replication, multi-path and high availability.
Storage protocol, such as iSCSI, has “two ends” in the connection. These ends are initiator
and target. In iSCSI, we call them iSCSI initiator and iSCSI target. The iSCSI initiator
requests or initiates any iSCSI communication. It requests all SCSI operations like read or
write. An initiator is usually located on the host side (either an iSCSI HBA or iSCSI SW
initiator).
The target is the storage device itself or an appliance which controls and serves volumes
or virtual volumes. The target is the device which performs SCSI command or bridge to an
attached storage device.
Host 2
(initiator)
iSCSI
HBA
Host 1
(initiator)
NIC
IP SAN
iSCSI device 1
(target)
iSCSI device 2
(target)
Figure 1.3.1
The host side needs an iSCSI initiator. The initiator is a driver which handles the SCSI
traffic over iSCSI. The initiator can be software or hardware (HBA). Please refer to the
certification list of iSCSI HBA(s) in Appendix A. OS native initiators or other software
initiators use standard TCP/IP stack and Ethernet hardware, while iSCSI HBA(s) use their
own iSCSI and TCP/IP stacks on board.
12
Hardware iSCSI HBA(s) provide its own initiator tool. Please refer to the vendors’ HBA user
manual. Microsoft, Linux, Solaris and Mac provide iSCSI initiator driver. Please contact DLINK for the latest certification list. Below are the available links:
1.
Link to download the Microsoft iSCSI software initiator:
http://www.microsoft.com/downloads/details.aspx?FamilyID=12cb3c1a-15d6-4585b385-befd1319f825&DisplayLang=en
2.
In current Linux distributions, OS built-in iSCSI initiators are usually available. For
different kernels, there are different iSCSI drivers. Please check Appendix A for iSCSI
initiator certification list. If user needs the latest Linux iSCSI initiator, please visit
Open-iSCSI project for most update information. Linux-iSCSI (sfnet) and Open-iSCSI
projects merged in April 11, 2005.
Open-iSCSI website: http://www.open-iscsi.org/
Open-iSCSI README: http://www.open-iscsi.org/docs/README
Features: http://www.open-iscsi.org/cgi-bin/wiki.pl/Roadmap
Support Kernels:
http://www.open-iscsi.org/cgi-bin/wiki.pl/Supported_Kernels
Google groups:
http://groups.google.com/group/open-iscsi/threads?gvc=2
http://groups.google.com/group/open-iscsi/topics
Open-iSCSI Wiki: http://www.open-iscsi.org/cgi-bin/wiki.pl
3.
ATTO iSCSI initiator is available for Mac.
Website: http://www.attotech.com/xtend.html
4.
Solaris iSCSI initiator
Version: Solaris 10 u6 (10/08)
1.4 IP SAN storage specifications
1.4.1

1.
2.
3.
4.
5.
Technical specifications
Controller features
Dual-active configuration support (only for DSN-6420)
Better performance, when comparing to other competitors' products in the same
segment
Cache mirroring through high bandwidth channels (only for DSN-6420)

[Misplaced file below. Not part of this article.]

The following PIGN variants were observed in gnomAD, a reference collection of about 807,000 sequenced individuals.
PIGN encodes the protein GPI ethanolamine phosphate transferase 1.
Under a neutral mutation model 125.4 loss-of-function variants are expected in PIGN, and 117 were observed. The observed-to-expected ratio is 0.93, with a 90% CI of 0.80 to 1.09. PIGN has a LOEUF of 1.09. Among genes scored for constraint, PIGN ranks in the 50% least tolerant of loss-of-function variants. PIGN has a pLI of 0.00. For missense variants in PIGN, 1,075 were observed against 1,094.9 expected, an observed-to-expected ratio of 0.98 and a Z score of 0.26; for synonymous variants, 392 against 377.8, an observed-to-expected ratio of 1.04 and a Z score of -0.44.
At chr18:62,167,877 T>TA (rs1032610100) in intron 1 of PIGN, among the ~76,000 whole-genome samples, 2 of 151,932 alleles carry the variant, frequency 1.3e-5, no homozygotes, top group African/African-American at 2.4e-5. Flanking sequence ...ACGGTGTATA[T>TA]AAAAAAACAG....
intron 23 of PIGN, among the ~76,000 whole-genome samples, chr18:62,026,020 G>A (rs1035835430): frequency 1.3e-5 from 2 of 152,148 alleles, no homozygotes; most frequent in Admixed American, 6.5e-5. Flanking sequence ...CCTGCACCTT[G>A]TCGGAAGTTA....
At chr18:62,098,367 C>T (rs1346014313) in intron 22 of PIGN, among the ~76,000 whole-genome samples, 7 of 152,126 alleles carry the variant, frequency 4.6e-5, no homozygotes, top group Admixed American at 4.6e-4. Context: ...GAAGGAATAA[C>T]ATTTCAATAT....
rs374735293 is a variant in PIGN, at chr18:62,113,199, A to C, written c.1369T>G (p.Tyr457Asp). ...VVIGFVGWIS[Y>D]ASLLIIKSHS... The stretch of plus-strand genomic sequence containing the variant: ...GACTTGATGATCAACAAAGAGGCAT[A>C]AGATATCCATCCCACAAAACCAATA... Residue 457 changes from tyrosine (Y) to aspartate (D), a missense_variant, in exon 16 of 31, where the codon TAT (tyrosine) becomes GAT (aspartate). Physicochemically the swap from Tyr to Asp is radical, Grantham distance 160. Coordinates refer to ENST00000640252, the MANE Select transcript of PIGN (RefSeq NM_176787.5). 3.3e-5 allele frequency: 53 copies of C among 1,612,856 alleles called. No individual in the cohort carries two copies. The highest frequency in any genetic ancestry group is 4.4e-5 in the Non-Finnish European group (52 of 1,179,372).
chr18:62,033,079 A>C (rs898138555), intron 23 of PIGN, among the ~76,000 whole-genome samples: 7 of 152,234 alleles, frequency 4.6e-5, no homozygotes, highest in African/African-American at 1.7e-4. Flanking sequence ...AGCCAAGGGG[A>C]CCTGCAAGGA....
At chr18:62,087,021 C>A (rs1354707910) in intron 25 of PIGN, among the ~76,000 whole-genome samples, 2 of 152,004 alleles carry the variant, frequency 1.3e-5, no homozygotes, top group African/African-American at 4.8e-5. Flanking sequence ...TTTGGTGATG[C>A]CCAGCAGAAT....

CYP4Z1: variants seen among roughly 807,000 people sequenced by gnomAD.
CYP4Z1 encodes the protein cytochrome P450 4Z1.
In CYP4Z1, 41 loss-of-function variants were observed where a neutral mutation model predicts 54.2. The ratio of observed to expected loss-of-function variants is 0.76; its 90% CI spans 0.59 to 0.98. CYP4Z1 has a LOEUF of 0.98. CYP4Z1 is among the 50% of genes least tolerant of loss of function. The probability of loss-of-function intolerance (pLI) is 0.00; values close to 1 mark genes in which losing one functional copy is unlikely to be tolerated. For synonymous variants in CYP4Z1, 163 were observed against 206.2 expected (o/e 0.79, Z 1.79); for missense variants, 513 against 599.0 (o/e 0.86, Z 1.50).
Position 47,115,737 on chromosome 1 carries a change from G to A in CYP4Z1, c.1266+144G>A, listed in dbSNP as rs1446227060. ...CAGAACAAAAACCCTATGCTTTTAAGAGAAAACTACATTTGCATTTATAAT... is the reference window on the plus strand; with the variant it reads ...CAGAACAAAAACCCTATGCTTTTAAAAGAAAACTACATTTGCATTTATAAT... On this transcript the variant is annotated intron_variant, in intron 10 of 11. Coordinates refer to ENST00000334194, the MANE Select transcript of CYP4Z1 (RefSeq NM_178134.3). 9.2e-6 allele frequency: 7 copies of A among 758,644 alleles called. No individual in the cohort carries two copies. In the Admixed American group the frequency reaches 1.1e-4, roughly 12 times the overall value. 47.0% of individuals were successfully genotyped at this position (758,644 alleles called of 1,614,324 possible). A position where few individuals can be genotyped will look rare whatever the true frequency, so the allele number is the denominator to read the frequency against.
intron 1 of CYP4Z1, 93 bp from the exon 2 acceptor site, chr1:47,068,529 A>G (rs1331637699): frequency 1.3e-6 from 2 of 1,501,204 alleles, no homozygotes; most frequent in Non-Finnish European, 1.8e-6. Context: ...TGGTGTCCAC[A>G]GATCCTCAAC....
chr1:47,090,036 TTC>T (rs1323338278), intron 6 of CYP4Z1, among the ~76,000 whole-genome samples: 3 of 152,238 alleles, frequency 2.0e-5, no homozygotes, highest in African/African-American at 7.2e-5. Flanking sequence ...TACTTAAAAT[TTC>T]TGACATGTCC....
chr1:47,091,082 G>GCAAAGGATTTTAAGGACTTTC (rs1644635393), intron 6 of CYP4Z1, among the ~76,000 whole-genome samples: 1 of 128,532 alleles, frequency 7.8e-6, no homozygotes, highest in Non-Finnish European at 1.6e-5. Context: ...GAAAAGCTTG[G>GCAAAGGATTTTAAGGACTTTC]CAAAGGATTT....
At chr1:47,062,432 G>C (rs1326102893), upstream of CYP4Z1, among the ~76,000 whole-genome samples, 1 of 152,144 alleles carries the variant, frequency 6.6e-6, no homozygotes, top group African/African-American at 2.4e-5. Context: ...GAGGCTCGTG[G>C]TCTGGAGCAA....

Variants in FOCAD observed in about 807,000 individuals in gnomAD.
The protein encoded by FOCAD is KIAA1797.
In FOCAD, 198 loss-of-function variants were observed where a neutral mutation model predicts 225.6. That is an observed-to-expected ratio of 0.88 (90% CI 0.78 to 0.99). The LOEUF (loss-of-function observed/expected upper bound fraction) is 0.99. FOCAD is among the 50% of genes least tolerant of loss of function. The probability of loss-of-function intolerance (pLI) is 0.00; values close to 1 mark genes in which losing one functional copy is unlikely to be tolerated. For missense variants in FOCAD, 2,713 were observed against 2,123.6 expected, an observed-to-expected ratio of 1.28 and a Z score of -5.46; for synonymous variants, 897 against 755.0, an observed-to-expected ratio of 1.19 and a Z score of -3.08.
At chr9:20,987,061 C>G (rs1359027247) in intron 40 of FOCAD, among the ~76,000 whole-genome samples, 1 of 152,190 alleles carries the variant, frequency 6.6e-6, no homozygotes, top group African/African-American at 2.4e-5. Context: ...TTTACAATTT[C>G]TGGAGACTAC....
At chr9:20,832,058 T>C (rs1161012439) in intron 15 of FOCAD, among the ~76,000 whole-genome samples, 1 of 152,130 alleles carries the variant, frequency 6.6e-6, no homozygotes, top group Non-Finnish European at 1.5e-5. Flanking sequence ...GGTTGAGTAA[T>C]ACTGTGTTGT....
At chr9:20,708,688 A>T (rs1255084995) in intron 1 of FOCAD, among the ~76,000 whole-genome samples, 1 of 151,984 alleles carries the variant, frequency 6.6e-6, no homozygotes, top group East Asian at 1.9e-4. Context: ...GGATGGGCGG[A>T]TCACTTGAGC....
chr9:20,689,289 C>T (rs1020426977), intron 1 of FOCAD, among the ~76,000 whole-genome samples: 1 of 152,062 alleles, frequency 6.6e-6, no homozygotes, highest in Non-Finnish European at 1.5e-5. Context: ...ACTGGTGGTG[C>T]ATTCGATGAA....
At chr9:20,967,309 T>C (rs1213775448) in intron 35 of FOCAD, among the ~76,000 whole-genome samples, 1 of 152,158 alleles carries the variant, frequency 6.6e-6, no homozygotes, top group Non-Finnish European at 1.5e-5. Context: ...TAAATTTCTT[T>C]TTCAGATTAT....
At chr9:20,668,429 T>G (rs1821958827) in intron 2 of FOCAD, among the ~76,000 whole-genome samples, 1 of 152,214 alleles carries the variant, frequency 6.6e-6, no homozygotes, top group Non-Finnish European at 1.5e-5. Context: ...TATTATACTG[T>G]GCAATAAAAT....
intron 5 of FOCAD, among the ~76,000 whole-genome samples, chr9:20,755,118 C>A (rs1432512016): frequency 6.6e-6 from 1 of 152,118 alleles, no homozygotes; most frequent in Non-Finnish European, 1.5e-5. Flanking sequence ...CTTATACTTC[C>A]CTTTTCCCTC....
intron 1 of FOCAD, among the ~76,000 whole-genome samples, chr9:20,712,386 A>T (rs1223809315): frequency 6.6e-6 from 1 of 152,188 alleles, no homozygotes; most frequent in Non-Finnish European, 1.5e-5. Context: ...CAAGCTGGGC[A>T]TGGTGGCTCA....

Flexible RAID group (RG) ownership management (only for DSN-6420)

Each RG can be assigned to one of the two controllers

Each LUN can be exported from both controllers
Management port seamless take-over (only for DSN-6420)
13
The management port can be transferred smoothly to the other controller with
the same IP address
Online firmware upgrade, no system down time (only for DSN-6420)
Multiple target iSCSI nodes per controller support

Each LUN can be attached to one of 32 nodes from each controller
Front-end 2 x 10GbE iSCSI ports with high availability/load balancing/fail-over support
per controller

Microsoft MPIO, MC/S, Trunking, LACP, and etc.
SBB Compliant

6.
7.
8.
9.

1.
2.
3.
4.
5.
6.
7.
8.
9.
10.
11.
12.
CPU: Intel Xscale IOP 81342
Memory: 4GB DDRII 533 DIMM
Hardware iSCSI off-load engine
2 x UARTs: serial console management and UPS
Fast Ethernet port for web-based management use
Backend: 12 x SAS or SATA II drive connections
Front-end: 2 x 10GbE iSCSI ports per controller
Hot pluggable BBM
SAS JBOD expansion port for expansion
Multiplexer board support for SATA drives (optional, on Dual controller mode)
Two power supplies
Redundant fans

1.
2.
3.
4.
5.
6.
7.
8.
9.
10.
11.
2.
3.
4.
RAID and volume operation
RAID level: 0,1,0+1,3,5,6,10,30,50, 60, JBOD, and N-way mirror
Up to 1024 logical volumes in the system
Up to 32 PDs can be included in one volume group
Global and dedicated hot spare disks
Write-through or write-back cache policy for different application usage
Multiple RAID volumes support
Configurable RAID stripe size
Online volume expansion
Instant RAID volume availability
Auto volume rebuilding
On-line volume migration with no system down-time

1.
System key components
Advanced data protection
D-Link writeable snapshot

Built-in snapshot with rollback enabled

Snapshot enabled up to 16 volumes, each logical volume supports up to 32
snapshot volumes, total 512 snapshot volumes per system
Microsoft Windows Volume Shadow Copy Services (VSS)